Oddest mismatch in hardware for a given purpose...
derschjo at mail.msu.edu
Thu Jun 11 03:53:29 CDT 2009
Jules Richardson wrote:
> Josh Dersch wrote:
>> Internally though, they're 100% different -- the processor in the
>> MK-85 is a Russian PDP-11 knockoff. It's not a power-efficient CPU
>> by any means, so to ensure decent battery life the CPU speed is
>> severely limited. Not sure exactly what speed it runs at (anyone out
>> there know?) but the result is by far the slowest calculator I've
>> ever used.
> That's interesting. Does it have provision for AC input? Just curious
> if it auto-magically ups the clock speed when not running from the
> battery, as that would be kinda cool (and an early example of a
> power-saving mode :-)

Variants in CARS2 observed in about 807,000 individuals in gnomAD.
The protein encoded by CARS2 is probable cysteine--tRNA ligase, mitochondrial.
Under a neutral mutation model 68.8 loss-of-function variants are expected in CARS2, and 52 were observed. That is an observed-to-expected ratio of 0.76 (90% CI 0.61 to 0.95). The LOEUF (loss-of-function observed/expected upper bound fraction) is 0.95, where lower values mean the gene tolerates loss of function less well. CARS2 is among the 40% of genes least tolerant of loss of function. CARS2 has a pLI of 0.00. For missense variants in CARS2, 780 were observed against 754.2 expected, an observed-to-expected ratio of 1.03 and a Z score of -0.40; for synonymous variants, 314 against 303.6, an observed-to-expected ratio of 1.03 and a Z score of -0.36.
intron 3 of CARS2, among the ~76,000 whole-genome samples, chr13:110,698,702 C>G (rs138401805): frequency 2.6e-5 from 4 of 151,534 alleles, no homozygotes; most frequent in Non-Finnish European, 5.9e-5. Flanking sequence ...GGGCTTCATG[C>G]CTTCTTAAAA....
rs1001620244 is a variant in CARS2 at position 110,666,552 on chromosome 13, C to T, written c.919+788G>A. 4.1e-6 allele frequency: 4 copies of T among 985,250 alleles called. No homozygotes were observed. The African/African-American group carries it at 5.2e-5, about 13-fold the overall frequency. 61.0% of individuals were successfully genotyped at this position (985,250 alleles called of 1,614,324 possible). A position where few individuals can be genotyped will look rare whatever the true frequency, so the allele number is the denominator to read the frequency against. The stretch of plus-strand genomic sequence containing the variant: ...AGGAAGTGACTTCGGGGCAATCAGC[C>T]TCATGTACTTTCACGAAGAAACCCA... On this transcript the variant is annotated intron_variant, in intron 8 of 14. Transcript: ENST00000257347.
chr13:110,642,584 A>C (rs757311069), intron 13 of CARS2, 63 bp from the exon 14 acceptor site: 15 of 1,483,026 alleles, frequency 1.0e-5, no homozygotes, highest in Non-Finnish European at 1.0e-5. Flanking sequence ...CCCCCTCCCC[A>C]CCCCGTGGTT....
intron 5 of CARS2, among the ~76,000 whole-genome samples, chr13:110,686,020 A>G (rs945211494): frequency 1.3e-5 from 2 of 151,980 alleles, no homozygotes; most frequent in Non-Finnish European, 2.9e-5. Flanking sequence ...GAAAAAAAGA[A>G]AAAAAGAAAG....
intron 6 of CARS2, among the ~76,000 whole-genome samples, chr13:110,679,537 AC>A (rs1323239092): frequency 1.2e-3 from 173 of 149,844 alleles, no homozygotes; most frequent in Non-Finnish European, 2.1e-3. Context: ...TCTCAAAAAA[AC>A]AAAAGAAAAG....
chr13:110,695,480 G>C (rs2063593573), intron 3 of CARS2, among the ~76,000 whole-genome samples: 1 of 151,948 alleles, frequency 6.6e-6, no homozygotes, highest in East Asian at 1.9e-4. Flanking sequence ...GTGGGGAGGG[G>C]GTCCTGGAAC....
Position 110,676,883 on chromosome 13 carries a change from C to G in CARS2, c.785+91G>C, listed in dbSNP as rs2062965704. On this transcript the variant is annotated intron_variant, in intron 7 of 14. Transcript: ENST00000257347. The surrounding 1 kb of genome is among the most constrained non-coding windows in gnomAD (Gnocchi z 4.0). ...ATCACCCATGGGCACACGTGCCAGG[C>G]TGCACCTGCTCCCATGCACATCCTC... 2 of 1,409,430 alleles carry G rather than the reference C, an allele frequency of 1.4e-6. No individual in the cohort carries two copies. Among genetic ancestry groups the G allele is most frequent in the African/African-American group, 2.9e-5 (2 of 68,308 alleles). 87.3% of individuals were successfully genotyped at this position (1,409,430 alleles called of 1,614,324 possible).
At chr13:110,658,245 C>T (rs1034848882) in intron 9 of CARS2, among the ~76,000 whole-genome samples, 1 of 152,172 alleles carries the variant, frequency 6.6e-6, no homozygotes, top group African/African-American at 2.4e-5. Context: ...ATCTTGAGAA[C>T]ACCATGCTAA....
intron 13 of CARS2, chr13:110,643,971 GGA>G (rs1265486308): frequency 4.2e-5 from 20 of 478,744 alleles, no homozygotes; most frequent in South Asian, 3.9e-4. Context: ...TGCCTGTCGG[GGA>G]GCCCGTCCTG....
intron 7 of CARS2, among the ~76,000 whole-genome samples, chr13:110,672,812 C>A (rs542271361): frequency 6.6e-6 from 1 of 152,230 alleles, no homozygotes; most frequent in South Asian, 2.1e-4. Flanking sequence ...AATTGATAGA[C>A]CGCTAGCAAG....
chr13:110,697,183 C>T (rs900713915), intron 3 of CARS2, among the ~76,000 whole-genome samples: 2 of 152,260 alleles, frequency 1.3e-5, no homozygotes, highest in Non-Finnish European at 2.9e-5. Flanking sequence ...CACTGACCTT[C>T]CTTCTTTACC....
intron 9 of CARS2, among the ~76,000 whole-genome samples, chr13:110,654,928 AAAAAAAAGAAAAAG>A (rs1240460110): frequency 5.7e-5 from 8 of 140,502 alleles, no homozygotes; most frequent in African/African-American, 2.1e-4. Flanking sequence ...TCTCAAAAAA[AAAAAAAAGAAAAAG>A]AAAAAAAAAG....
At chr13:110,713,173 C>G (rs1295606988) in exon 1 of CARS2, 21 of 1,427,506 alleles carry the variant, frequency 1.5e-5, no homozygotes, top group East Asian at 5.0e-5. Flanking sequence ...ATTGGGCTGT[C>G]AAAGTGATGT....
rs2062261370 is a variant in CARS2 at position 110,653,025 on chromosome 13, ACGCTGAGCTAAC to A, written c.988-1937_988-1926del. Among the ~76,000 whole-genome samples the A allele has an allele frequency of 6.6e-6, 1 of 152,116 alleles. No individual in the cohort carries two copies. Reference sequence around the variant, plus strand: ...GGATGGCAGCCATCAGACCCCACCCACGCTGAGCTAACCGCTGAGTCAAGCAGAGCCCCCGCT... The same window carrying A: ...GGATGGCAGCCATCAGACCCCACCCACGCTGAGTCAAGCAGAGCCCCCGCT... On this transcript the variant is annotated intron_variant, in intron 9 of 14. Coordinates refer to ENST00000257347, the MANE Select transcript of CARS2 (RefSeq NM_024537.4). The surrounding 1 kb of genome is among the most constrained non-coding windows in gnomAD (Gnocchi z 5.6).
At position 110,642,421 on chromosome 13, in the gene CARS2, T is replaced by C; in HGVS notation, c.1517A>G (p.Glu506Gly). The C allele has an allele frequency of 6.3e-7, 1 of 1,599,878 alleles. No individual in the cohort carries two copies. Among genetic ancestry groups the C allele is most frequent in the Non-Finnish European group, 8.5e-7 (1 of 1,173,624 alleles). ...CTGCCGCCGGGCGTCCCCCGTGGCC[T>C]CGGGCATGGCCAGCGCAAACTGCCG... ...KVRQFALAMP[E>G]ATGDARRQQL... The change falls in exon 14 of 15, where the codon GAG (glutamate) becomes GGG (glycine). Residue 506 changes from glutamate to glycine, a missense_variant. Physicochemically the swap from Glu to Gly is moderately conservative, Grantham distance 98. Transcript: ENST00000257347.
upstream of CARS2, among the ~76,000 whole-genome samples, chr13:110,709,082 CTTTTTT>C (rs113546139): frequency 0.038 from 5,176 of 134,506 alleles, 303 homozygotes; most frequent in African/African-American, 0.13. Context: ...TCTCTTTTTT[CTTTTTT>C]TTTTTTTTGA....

It has an external power input, via some weird connector on the side.
It _does_ have a "high speed" mode -- if you turn it on while holding
"+" it runs 6 or 7 times faster (tested by running a program that just
runs a FOR loop from 0 to 1000 -- ~28 seconds in "normal" mode, ~4
seconds in "high speed" mode). No idea how it affects battery life, but
I can't imagine it's good :).
>> (The BASIC implementation is also incredibly buggy, mostly due to
>> poor argument checking... see
>> http://www.pisi.com.pl/piotr433/mk85mc1e.htm for a cool example of
>> exploiting a bug in INPUT to do machine-language coding, in a way
>> only a contortionist could love...)
> Gah, one of the home micro BASICs did something similar, so you could
> throw MC in there as a character string and 'trick' the BASIC into
> executing it by tripping the parser up - but my brain's refusing to
> tell me which one it was now.
>> Anyone else know of examples of odd-duck machines like this, where the
> > hardware is probably not the best choice for the application?
> Anything ever done using an IBM-compatible PC?
>> (But it's cool anyway?)
> Oh. Scratch that, then.
More information about the cctech